In this large cross-sectional study, we analysed UK living donor registry data on all living kidney donations as reported to NHS Blood and Transplant (NHSBT) from January 2006 to December 2017. Information on every living kidney donation that occurs in the UK is collected by NHSBT, which is regulated under section 251 of the National Health Service (NHS) Act 200625 and the Health Service (Control of Patient Information) Regulations 2002.26 As such it has been granted permission by the UK’s Secretary of State to collect identifiable patient data without individual patient consent. Only anonymised data (all patient identifiers removed) was shared with the research team.

Patient and public involvement

As this study was a descriptive analysis of routinely collected data, the research was undertaken without patient and public involvement.

Participants and study size

We included all living kidney donors who had been reported to NHSBT between January 2006 and December 2017. Data were requested, and with permission extracted, from the UK Transplant Registry, held by NHSBT. No data linkage was required.

Variables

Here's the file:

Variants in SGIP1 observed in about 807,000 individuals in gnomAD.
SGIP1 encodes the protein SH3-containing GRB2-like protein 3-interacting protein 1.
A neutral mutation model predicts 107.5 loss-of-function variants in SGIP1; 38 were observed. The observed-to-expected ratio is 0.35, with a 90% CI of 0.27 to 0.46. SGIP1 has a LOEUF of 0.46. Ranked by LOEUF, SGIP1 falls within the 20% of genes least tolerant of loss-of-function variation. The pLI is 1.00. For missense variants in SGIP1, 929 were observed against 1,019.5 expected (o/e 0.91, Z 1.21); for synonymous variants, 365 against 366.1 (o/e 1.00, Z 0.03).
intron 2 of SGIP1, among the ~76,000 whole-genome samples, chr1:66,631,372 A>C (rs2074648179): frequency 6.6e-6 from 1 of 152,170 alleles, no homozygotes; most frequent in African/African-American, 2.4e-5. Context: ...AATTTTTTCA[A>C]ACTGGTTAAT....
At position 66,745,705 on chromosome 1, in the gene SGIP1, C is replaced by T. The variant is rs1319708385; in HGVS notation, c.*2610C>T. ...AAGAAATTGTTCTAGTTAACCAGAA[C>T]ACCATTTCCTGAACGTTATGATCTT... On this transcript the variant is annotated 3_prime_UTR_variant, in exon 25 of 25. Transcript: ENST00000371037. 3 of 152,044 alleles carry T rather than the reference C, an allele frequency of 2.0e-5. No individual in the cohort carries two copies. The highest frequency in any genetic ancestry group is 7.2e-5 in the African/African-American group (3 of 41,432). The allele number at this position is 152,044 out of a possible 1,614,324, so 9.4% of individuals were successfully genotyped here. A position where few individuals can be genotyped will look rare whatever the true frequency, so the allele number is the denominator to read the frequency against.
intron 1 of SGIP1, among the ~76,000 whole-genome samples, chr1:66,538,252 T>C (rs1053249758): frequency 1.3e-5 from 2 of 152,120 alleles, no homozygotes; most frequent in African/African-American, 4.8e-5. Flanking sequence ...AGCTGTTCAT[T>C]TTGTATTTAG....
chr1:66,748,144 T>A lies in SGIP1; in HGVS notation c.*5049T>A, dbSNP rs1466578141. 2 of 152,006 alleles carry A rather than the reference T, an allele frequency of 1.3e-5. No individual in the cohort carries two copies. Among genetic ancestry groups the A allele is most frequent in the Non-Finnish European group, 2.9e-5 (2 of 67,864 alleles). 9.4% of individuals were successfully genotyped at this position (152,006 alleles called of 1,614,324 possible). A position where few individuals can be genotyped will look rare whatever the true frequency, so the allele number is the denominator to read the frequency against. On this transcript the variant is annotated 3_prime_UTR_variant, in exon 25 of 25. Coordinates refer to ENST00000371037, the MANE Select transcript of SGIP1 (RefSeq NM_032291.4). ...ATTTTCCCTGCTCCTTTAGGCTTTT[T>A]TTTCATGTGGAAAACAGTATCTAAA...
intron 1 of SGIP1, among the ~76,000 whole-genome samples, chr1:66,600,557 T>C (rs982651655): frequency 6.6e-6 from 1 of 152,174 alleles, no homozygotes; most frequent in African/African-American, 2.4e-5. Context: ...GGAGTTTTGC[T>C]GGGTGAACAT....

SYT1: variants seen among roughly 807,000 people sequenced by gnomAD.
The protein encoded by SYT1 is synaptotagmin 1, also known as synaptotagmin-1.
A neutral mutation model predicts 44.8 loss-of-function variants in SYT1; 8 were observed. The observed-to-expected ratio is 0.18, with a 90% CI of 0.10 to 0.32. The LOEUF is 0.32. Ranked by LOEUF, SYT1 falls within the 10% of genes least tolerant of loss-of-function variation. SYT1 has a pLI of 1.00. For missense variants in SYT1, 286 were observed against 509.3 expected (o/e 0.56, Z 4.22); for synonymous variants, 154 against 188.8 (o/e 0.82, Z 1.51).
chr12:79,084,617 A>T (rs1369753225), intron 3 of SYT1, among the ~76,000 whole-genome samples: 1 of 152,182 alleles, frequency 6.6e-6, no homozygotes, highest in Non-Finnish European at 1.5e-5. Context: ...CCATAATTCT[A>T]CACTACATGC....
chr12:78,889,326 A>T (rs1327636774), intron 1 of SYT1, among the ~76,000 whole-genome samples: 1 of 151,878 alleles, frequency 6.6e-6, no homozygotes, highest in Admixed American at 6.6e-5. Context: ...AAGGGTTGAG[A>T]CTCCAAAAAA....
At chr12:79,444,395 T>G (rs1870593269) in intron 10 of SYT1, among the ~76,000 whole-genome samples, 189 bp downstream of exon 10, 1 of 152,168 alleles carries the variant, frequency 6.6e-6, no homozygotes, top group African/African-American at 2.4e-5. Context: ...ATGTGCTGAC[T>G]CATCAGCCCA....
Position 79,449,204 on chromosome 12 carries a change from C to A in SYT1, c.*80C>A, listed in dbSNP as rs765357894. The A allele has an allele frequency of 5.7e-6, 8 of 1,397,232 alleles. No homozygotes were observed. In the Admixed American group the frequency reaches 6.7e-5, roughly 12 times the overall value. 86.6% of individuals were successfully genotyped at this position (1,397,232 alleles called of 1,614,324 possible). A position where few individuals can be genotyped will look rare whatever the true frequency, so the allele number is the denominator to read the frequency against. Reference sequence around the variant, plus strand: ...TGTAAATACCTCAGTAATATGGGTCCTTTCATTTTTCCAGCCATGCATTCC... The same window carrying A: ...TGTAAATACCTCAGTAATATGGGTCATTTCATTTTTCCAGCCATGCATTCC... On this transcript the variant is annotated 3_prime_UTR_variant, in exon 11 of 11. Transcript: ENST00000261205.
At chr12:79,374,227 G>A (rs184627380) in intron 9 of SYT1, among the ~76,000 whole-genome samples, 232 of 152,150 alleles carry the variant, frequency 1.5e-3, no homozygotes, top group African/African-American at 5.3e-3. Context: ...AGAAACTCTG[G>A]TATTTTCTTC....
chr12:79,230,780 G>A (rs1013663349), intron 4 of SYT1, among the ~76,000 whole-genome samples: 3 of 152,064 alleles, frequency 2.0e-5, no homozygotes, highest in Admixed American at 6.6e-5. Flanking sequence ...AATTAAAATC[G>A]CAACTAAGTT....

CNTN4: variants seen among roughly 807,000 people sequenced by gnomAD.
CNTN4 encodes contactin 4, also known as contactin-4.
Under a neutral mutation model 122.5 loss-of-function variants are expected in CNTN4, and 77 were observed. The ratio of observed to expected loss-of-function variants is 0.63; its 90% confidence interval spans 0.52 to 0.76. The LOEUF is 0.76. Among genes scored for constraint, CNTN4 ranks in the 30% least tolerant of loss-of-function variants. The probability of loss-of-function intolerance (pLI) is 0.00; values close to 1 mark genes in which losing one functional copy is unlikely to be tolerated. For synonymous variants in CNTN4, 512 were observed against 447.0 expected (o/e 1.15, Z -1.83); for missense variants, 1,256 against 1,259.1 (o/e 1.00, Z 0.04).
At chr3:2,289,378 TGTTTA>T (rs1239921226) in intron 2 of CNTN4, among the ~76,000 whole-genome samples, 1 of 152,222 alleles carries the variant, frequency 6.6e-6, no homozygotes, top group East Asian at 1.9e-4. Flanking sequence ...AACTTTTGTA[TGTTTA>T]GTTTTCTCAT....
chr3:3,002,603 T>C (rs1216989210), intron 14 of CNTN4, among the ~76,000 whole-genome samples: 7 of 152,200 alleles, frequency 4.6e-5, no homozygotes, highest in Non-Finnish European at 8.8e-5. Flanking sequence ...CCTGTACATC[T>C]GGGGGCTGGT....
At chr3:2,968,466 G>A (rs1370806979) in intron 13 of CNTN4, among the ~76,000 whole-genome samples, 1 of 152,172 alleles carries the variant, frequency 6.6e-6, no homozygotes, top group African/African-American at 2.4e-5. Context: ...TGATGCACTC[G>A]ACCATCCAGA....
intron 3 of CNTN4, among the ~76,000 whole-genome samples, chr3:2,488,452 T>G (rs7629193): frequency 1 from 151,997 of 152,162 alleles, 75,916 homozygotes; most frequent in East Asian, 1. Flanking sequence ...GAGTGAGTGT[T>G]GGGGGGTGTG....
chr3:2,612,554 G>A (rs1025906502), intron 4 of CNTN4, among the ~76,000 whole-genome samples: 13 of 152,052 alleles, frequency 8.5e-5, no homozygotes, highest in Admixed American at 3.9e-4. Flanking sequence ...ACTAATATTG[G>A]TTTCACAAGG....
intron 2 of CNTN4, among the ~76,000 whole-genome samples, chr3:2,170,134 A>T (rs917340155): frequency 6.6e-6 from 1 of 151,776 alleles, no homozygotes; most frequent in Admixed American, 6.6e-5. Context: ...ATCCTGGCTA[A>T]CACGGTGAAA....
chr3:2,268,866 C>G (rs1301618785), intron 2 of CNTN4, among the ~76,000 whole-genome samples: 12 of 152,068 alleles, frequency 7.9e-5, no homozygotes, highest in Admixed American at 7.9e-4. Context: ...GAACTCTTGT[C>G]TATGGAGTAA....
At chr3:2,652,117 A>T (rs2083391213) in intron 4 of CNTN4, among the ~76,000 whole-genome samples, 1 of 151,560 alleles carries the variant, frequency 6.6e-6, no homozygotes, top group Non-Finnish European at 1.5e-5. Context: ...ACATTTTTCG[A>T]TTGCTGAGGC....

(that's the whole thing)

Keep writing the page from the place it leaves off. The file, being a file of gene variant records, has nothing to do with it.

Living kidney donor demographic characteristics (sex, age, ethnicity, BMI and relationship to the transplant recipient) were extracted and compared for donor cohorts across the years of donation activity. Ethnicity was coded using the UK’s Office for National Statistics 2001 census categories: White (White British, White Irish, other White), Black or Black British (Black Caribbean, African, other Black), Asian or Asian British (Indian, Pakistani, Bangladeshi, other Asian), Chinese or other ethnic group, mixed (White and Black Caribbean, White and Black African, White and Asian, other mixed). Hospital code (non-identifiable) was also extracted for analysis. Comorbidity data are entered as subjective free text by hospital teams. Text entries were searched for a record of donor hypertension using Stata to identify text “HYPERTENS”, “TENSION”, “HIGH BLOOD PRESSURE”, “INCREASED BLOOD PRESSURE”, “HIGH BP”, “HPN”, “RISE BP”. Entries recording “PULMONARY HYPERTENSION” and “WHITE COAT” were not included as recording hypertension. Other comorbidities were listed infrequently: three individuals were recorded as having diabetes mellitus. Due to the low numbers for other comorbidities, only hypertension was included in the analysis.